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İnsanlık tarihi açısından önemli bir olgu olarak kabul gören Göbeklitepe, farklı türde birçok araştırmaya konu olmuştur. Göbeklitepe konulu çalışmalarda daha çok Göbeklitepe’nin Tarihsel önemi vurgulanmaktadır. Bölge turizmini odağına alan ve aynı zamanda Göbeklitepe temalı pul tasarımları üzerinden sanatsal bir etkinlik oluşturmayı hedefleyen bu çalışma, filateli (pulculuk) ürün ve hizmetleri aracılı ile alanyazına yenilikler getirmeyi amaçlamaktadır. Çalışmanın esasını doküman incelemesi ve görsel araştırma oluşturmaktadır. Doküman incelemesi; güvenilirliği ve temsil edilebilirliği denetlenmiş basılı yayınlar (kitap, tez, ansiklopedi vb.) ve elektronik ortamda yayın yapan dergiler üzerinden ilerletilmiştir. Görsel araştırmada ise Göbeklitepe’nin temel konularını, alanyazın boyutuna indirgeyen posta pulları üzerinden etkili bir içerik oluşturulmaya çalışılmıştır. Araştırmanın temel verilerini bölgesel kalkınma kapsamında; konaklayan ve günübirlik gelen turist sayısı, konaklama tesis-seyahat acente sayısı, Göbeklitepe’nin aktif hizmette olduğu ay sayısı ile ulusal-uluslararası alanda gerçekleştirilen Göbeklitepe temalı sanatsal organizasyonlar ve 2019’da tedavüle çıkarılan posta pulları oluşturmaktadır. 3 farklı araştırma alanı üzerinden ilerletilen bu çalışmada toplam 5 adet pul görseline yer verilmiştir. Toplanan pulların 4’ü yurtiçi, 1’i ise yurtdışı kullanım için tasarlanmıştır. Göbeklitepe’yi, tarihi yönünün yanı sıra, turizm ve sanatsal yönüyle de irdelemeye çalışan bu araştırmanın, alana katkı sunacak nitelikte olduğu düşünülmektedir.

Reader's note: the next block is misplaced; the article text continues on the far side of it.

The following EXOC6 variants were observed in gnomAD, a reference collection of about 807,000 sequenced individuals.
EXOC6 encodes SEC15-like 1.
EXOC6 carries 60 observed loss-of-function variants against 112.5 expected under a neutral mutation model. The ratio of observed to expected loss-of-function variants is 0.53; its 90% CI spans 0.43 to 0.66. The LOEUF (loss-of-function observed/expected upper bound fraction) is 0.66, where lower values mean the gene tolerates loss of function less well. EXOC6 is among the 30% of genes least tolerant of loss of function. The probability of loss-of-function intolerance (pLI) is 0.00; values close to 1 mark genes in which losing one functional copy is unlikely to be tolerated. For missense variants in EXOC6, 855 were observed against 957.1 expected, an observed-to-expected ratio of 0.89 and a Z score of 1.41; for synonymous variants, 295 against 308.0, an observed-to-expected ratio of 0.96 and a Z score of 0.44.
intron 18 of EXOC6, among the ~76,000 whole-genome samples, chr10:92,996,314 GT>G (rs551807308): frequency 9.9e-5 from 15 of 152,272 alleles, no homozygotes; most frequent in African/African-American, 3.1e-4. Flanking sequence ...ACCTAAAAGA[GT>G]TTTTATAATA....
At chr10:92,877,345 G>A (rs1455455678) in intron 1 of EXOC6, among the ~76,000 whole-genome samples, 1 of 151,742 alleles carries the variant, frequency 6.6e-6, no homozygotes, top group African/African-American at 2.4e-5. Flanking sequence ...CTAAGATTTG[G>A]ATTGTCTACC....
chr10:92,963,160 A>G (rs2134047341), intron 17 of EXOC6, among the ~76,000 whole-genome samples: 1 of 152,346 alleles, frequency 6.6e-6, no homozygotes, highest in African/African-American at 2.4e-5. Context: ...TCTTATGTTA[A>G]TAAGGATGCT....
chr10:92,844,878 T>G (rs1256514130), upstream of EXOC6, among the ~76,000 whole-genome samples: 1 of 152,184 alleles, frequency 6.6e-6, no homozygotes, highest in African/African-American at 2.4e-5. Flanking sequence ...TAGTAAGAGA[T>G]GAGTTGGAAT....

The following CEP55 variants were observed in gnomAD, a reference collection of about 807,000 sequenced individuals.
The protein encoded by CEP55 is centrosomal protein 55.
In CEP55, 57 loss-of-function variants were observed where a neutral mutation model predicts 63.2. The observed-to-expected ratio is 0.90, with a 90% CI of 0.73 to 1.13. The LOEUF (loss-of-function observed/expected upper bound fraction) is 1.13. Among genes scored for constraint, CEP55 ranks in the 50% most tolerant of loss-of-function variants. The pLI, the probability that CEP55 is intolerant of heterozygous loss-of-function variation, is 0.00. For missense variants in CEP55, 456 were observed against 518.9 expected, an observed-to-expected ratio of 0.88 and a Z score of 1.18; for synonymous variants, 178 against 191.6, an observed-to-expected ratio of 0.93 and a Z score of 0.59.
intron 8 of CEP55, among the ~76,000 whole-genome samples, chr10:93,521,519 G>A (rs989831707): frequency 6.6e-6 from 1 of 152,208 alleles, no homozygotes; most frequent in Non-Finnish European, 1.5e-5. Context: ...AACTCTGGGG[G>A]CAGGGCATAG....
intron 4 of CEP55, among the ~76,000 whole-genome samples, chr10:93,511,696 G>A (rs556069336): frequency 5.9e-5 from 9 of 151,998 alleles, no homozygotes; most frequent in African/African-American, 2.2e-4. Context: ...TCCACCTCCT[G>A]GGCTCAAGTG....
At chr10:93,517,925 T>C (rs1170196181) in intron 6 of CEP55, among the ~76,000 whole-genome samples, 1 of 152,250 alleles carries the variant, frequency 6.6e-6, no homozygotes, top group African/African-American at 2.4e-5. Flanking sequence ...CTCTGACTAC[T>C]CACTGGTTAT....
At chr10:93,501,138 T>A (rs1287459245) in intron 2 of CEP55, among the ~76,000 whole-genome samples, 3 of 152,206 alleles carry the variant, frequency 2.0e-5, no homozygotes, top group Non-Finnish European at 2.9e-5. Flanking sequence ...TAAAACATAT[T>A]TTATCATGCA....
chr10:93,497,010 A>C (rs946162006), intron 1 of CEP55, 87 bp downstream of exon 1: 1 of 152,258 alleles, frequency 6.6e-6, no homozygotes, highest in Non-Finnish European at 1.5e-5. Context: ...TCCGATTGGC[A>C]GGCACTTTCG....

Article
Excavations at two of the sources of Stonehenge’s bluestones in Mynydd Preseli, west Wales, have led to the discovery of stone tools associated with megalith quarrying in the final centuries of the fourth millennium BC, shortly before the suspected date of the bluestones’ erection at Stonehenge, 240 km away. Among the most plentiful of these tools are stone wedges, three of which were found in situ at the rhyolite bluestone quarry of Craig Rhos-y-felin. Two of these were positioned in the joints of a rhyolite pillar adjacent to a recess left by a removed pillar. Geochemical analysis reveals that these and the third wedge are of compositions different to the rock on either side of the cracks into which they had been driven, confirming their identification as quarrying tools. This research sheds new light on the methods used to extract the stones for Stonehenge.
Article
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The recently discovered Pre-Pottery Neolithic site of Göbekli Tepe (SE- Turkey) is unparalleled in its architecture and art. The latter is particularly rich in animal depictions — stone figurines, sculptures and megalithic pillars decorated with bas-reliefs — and illustrates the prominent role animals played in the spiritual world of PPN human groups frequenting the site. Up to now, ten vertebrate taxa could be identified, nine of which also appeared in the archaeofaunal record of the site. Discussion focussed upon the possible role of the animal species figured at Göbekli Tepe, in particular whether the space demarcated by the pillars could have witnessed the performance of hunting rituals, initiation and passage rites, spiritual encounters or funeral practices. In view of our limited knowledge about the role animals played in the symbolic world of the PPN, in particular with respect to the logic and metaphysics governing the choice of species, the question of what purpose the enclosures served will take much more time to be properly answered.
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Dünyanın en eski heykeli
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An Early Neolithic Settlement in the Center of Sanlıurfa, Turkey. Neo-Lithics